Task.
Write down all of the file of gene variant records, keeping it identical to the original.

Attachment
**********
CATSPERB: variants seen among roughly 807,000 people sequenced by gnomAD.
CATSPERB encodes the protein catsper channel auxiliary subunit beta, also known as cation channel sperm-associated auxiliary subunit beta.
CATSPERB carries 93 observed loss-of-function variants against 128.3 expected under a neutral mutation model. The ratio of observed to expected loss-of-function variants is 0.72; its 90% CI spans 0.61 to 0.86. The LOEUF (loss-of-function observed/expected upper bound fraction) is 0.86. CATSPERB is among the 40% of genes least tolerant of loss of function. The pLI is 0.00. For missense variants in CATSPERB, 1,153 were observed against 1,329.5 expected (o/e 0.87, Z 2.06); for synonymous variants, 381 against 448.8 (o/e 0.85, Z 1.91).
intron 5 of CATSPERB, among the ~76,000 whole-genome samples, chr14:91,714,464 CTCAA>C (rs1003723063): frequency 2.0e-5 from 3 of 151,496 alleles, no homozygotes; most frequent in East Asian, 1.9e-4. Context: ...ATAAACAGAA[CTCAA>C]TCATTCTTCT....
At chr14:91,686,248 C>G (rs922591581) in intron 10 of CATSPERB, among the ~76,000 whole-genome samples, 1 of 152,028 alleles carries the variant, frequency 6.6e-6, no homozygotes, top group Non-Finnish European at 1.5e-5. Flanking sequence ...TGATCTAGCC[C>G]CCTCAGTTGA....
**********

CATSPERB: variants seen among roughly 807,000 people sequenced by gnomAD.
CATSPERB encodes the protein catsper channel auxiliary subunit beta, also known as cation channel sperm-associated auxiliary subunit beta.
CATSPERB carries 93 observed loss-of-function variants against 128.3 expected under a neutral mutation model. The ratio of observed to expected loss-of-function variants is 0.72; its 90% CI spans 0.61 to 0.86. The LOEUF (loss-of-function observed/expected upper bound fraction) is 0.86. CATSPERB is among the 40% of genes least tolerant of loss of function. The pLI is 0.00. For missense variants in CATSPERB, 1,153 were observed against 1,329.5 expected (o/e 0.87, Z 2.06); for synonymous variants, 381 against 448.8 (o/e 0.85, Z 1.91).
intron 5 of CATSPERB, among the ~76,000 whole-genome samples, chr14:91,714,464 CTCAA>C (rs1003723063): frequency 2.0e-5 from 3 of 151,496 alleles, no homozygotes; most frequent in East Asian, 1.9e-4. Context: ...ATAAACAGAA[CTCAA>C]TCATTCTTCT....
At chr14:91,686,248 C>G (rs922591581) in intron 10 of CATSPERB, among the ~76,000 whole-genome samples, 1 of 152,028 alleles carries the variant, frequency 6.6e-6, no homozygotes, top group Non-Finnish European at 1.5e-5. Flanking sequence ...TGATCTAGCC[C>G]CCTCAGTTGA....